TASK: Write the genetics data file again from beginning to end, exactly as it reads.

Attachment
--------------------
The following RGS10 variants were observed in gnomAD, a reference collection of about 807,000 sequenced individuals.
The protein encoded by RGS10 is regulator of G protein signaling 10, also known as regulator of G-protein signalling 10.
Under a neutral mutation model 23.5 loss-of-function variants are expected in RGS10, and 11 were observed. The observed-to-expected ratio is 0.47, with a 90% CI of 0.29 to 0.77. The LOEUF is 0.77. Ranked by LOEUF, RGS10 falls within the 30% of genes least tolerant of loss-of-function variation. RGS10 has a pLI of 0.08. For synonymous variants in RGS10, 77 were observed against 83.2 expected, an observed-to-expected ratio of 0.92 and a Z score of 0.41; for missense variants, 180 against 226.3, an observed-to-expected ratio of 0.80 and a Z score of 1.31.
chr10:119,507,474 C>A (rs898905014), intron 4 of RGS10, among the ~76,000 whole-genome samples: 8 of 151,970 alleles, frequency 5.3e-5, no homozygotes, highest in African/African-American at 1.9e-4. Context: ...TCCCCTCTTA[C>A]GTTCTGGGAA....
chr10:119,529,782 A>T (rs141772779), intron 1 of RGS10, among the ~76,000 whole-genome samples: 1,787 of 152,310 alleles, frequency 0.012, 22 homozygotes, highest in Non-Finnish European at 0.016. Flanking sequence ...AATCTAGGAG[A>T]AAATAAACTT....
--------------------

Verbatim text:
The following RGS10 variants were observed in gnomAD, a reference collection of about 807,000 sequenced individuals.
The protein encoded by RGS10 is regulator of G protein signaling 10, also known as regulator of G-protein signalling 10.
Under a neutral mutation model 23.5 loss-of-function variants are expected in RGS10, and 11 were observed. The observed-to-expected ratio is 0.47, with a 90% CI of 0.29 to 0.77. The LOEUF is 0.77. Ranked by LOEUF, RGS10 falls within the 30% of genes least tolerant of loss-of-function variation. RGS10 has a pLI of 0.08. For synonymous variants in RGS10, 77 were observed against 83.2 expected, an observed-to-expected ratio of 0.92 and a Z score of 0.41; for missense variants, 180 against 226.3, an observed-to-expected ratio of 0.80 and a Z score of 1.31.
chr10:119,507,474 C>A (rs898905014), intron 4 of RGS10, among the ~76,000 whole-genome samples: 8 of 151,970 alleles, frequency 5.3e-5, no homozygotes, highest in African/African-American at 1.9e-4. Context: ...TCCCCTCTTA[C>A]GTTCTGGGAA....
chr10:119,529,782 A>T (rs141772779), intron 1 of RGS10, among the ~76,000 whole-genome samples: 1,787 of 152,310 alleles, frequency 0.012, 22 homozygotes, highest in Non-Finnish European at 0.016. Flanking sequence ...AATCTAGGAG[A>T]AAATAAACTT....